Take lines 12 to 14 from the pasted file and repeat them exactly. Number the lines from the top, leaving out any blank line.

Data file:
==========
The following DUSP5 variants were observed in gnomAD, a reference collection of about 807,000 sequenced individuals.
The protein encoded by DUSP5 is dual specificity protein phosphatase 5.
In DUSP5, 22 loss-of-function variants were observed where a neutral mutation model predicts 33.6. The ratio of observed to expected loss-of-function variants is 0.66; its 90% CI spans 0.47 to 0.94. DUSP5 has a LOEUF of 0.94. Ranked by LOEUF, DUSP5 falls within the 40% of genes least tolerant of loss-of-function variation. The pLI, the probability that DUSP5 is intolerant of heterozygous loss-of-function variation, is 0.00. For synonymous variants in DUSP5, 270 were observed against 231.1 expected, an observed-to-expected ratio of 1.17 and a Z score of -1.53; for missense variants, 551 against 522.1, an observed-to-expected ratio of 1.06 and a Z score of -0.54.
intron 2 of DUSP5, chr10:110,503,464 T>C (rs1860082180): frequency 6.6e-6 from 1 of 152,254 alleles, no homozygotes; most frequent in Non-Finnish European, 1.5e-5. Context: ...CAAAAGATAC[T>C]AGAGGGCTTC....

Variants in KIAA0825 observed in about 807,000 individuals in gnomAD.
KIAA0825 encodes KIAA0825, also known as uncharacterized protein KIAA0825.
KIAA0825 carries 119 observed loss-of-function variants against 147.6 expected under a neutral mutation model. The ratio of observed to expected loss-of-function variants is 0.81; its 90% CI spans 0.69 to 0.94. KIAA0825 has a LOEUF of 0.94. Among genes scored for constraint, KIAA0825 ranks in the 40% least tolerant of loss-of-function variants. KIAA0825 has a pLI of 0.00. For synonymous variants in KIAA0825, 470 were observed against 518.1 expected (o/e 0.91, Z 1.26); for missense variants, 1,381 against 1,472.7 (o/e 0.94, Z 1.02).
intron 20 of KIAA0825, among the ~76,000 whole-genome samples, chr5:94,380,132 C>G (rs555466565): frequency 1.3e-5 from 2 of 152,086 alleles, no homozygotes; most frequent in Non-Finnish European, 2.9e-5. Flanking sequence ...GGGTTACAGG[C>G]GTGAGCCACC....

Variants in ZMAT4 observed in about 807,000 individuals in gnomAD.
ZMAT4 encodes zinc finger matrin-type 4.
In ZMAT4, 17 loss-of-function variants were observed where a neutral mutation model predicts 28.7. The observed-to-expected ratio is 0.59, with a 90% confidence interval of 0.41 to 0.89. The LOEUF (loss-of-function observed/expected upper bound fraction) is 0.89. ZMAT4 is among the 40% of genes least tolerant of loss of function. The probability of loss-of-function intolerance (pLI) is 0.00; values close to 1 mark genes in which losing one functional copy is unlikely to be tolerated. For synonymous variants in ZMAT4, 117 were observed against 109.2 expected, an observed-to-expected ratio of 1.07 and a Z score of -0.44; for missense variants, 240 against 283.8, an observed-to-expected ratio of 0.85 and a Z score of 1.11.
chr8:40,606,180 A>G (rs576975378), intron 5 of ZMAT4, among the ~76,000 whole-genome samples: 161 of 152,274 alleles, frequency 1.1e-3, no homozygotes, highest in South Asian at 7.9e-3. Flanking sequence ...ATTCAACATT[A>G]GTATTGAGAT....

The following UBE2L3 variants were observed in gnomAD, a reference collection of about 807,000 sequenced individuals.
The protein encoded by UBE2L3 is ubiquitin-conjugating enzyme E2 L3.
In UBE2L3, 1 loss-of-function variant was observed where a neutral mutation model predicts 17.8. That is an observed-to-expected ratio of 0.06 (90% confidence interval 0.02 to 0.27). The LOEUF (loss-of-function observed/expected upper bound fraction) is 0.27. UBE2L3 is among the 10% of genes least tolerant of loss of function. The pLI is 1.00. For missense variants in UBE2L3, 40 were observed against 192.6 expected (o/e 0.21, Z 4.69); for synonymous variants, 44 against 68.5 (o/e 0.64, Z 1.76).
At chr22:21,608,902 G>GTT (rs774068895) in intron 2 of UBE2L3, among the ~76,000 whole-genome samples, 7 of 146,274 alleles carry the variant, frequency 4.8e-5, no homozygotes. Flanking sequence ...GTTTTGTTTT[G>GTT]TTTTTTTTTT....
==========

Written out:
chr8:40,606,180 A>G (rs576975378), intron 5 of ZMAT4, among the ~76,000 whole-genome samples: 161 of 152,274 alleles, frequency 1.1e-3, no homozygotes, highest in South Asian at 7.9e-3. Flanking sequence ...ATTCAACATT[A>G]GTATTGAGAT....

The following UBE2L3 variants were observed in gnomAD, a reference collection of about 807,000 sequenced individuals.
The protein encoded by UBE2L3 is ubiquitin-conjugating enzyme E2 L3.